thrilled me strangely as I balanced it on the
tip of my finger. To the eyes of others it
was but. a small plain criclct, suggesting
thoughts, by its daintiness, of the dainty
white hand that was to wear it. But to me
—oh, me, how much was embodied there !
A loving smile on a beautiful face—low
words of welcome—a happy home and a
sweet face smiling there—a group of merry
children to climb my knees—all these de
lights were hidden within that little ring of
A tall, beaded, 6un-bronzed man, I knock
ed at the door of ray father's house. The
lights in the parlor windows, and the hum of
conversation, and the cheerful laughter show
ed me that company were assembled there.
I hoped that my sister Jennie would come to
the door and that ] might greet my family
when no strangers eyes were looking curi
ously on. But no—a seivant answered my
summons ; they were to merry in the par
lor to heed the long absent one when he
ar>ks for admittance. Some such bitter
thoughts was passing through my mind, as
I heard the sound from the parlor and saw
the half suppressed sinile upon the servant's
I hesitated a moment before I made my
self known, or asked for the family. And
while I stood silent a strange apparition grew
up before roe. From behind the servant
peered out a small, golden head, a tiny, deli
cate form followed, and a sweet childish face
and blue eyes were lifted up to mine; so
like the one that had brightened my boy
hood that I started back with a sudden feel
ing of pain.
" What may your name be, little one ?" I
asked, while the wondering servant held the
She lifted up her hand as if to shade her,
(I had seen that very attitude in another, in
my boyhood, many and many a time) and
answered in a sweet, bird like voice.
t: Mary Moore."
" And what else ?" I asked.
" Mary Moore Chester," lisped the little
My heart sunk down like lead. Here was
an end to all the bright dreams and hopes of
my youth and manhood. Frank Chester,
my boyish rival who had often tried in vain
to usurp my place beside the girl, had suc
ceeded at last, and won the woman away
from me ! This was his child—his child and
Mary's And I must go in there and meet
her once again, and then go away forever and
die—if God would let me !
I sank body and soul beneath this blow
and hiding my face in my hands I leaned
against the door. The little one gazed at
me grieved and amazed,and put up her pret
ty lips as if about to cry, while the perplex
ed servant stepped to the parlor door and
callpd my sister out to find out who it could
be that conducted himself so strangely.
1 heard a light step and a pleasant voice,
" Did you wish to see my father, sir 7'
I looked up. There stood a pretty, sweet
faced maiden of twenty, not much changed
from the dear little sister I had loved 60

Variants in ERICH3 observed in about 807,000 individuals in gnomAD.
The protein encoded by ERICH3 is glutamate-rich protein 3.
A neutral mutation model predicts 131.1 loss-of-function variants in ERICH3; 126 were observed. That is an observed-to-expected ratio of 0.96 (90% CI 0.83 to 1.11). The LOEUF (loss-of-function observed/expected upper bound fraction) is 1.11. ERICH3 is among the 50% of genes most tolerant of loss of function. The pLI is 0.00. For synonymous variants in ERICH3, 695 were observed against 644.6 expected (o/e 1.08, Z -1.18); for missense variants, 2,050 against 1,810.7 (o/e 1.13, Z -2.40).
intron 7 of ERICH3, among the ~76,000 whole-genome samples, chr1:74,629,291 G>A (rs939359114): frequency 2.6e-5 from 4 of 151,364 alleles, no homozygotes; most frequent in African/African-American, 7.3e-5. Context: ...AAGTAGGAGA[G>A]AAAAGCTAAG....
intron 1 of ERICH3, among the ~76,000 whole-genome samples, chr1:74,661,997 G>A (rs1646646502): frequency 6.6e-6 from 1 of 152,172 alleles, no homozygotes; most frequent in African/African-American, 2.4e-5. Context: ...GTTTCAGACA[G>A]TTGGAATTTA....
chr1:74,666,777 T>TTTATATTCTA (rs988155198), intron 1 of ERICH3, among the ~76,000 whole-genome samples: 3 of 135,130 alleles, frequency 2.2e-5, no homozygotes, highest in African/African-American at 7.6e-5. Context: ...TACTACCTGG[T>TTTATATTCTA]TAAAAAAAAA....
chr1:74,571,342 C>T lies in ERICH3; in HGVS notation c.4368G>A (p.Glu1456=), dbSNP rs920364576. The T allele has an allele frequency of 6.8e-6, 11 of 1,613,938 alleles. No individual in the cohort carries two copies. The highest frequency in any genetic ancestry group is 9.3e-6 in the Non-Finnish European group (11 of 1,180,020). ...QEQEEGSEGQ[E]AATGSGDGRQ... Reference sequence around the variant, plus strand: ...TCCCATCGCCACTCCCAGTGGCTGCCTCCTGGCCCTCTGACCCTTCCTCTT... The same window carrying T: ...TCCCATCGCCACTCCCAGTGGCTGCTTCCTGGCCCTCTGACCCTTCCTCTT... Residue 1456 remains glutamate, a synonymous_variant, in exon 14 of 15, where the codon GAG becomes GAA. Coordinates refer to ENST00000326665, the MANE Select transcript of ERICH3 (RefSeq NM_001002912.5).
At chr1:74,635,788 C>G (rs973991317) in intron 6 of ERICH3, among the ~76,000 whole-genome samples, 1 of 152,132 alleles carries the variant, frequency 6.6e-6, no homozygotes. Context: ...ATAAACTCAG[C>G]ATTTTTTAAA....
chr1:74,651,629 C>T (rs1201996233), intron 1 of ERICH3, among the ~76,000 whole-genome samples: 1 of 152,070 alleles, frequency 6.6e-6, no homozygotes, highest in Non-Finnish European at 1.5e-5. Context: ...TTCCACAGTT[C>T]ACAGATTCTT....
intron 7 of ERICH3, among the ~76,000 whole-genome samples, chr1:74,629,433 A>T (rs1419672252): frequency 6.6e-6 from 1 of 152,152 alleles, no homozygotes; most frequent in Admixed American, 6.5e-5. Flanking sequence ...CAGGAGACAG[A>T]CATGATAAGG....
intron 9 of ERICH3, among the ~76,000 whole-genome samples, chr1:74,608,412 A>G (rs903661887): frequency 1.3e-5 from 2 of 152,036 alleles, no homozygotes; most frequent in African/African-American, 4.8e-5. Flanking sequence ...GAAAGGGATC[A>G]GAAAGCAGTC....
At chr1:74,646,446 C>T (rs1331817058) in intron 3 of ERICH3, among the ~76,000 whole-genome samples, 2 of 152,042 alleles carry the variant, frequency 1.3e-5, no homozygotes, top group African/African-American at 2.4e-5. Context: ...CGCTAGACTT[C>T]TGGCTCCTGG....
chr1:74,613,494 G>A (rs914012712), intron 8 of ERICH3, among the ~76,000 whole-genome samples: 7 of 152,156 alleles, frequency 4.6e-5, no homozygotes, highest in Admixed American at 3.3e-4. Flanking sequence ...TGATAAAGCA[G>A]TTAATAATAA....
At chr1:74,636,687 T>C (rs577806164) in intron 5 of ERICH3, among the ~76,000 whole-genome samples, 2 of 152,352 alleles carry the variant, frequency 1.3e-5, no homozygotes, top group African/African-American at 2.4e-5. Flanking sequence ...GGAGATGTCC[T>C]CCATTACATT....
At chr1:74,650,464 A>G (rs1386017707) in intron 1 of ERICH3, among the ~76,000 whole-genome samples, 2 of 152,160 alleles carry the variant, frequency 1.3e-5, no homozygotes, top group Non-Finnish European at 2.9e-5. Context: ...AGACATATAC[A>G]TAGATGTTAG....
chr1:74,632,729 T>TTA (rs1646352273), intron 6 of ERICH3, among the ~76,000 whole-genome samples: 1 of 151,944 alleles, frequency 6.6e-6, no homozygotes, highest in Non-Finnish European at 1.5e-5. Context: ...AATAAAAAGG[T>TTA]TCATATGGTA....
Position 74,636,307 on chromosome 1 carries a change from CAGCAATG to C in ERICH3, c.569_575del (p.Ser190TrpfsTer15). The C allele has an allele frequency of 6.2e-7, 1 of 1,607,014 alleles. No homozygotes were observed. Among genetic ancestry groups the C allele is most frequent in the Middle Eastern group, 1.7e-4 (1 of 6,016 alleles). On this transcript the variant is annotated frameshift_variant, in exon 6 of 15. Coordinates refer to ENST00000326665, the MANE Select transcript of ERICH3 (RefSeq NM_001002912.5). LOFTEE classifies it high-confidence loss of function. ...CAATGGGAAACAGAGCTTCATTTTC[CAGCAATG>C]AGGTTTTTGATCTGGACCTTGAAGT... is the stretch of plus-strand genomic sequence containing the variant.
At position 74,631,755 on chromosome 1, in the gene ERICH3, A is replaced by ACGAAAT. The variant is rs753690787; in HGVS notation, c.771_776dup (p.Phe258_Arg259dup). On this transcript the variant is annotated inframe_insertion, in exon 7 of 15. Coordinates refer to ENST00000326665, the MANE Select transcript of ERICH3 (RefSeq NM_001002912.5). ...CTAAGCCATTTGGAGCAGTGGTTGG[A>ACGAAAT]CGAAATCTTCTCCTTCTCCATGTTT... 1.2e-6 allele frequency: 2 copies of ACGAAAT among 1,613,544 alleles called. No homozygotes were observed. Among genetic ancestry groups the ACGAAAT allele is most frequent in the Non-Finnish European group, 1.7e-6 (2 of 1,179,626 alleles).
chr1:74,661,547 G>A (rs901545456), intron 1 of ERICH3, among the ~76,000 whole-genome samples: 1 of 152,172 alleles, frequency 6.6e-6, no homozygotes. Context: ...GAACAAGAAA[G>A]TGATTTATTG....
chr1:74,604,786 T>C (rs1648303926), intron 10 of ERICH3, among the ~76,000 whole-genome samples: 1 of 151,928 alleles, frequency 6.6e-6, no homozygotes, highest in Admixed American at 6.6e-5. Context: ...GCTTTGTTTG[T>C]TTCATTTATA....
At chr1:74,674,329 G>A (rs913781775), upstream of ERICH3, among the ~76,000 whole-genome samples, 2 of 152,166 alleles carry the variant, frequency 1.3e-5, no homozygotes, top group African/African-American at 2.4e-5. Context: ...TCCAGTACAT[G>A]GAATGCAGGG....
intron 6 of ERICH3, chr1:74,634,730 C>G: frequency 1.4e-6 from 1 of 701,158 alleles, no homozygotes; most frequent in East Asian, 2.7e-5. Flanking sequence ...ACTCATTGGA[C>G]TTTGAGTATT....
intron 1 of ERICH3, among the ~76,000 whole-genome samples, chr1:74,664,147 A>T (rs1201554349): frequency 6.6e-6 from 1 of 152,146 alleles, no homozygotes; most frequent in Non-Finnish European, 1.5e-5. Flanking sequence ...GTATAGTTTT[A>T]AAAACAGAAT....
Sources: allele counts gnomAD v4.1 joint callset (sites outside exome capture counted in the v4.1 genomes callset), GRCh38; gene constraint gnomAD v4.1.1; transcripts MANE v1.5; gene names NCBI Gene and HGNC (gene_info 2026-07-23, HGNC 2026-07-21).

well: I looked at her a moment and then
stilling the tumult of my heart by a mighty
effort, I opened my arms and said :
" Jennie, don't you know me ?''
" ITarry, Oh my brother Harry ?" she
cried, aud threw herself upon my breast
She wept as if her heart would break. I
could not weep. I drew her gently into the
lighted parlor, and stood with her before
them all. There was a rush and cry of joy ;
and then my mother and my father sprang
towards me, and welcomed me home with
heartfelt tears. Oh, strange and passing
sweet is such a greeting to the way-worn
traveler. And as I held ray old mother to
my heart and grasped ray lather's hand,
while Jennie clung beside me, I felt that all
was not yet lost, and though another had se
cured life's choicest blessing, many a joy re
mained for me in this dear sanctuary of
There were four others, inmates of the
room who had risen on my sudden entrance,
dne was the blue-eyed child whom I had al
ready 6een, and now stood by Frank Ches
ter, clinging to his hand. Near by stood
Lizzie, Mary Moore's eldest sister, and in a
distant corner, where she had hurriedly re
treated when my name was spoken, stood a
tall and slender figure half hidden by the
heavy window curtain that fell on (he floor.
When the first rapturous greeting was
over, Jennie led me forward with a timid
grace, aud Frank Chester graspsd my hand.
" Welcome home my boy," he said with
the loud cheerful tones I remembered so
well. " You have changed so much I never
would have known you—but no matter for
that your heart is in the right place I know.
" How can you say he is changed 7" said
my mother, gently. "To be 6ure he looks
older and graver and more like a man than
when he went away, but his eyes and his
smiles are the same as ever. It is that heavy
beard that changes him. He is my boy still."
God help ine ! At that moment I felt like
a boy and it would have been a blessed re
lief to have wept upon her bosom, as I had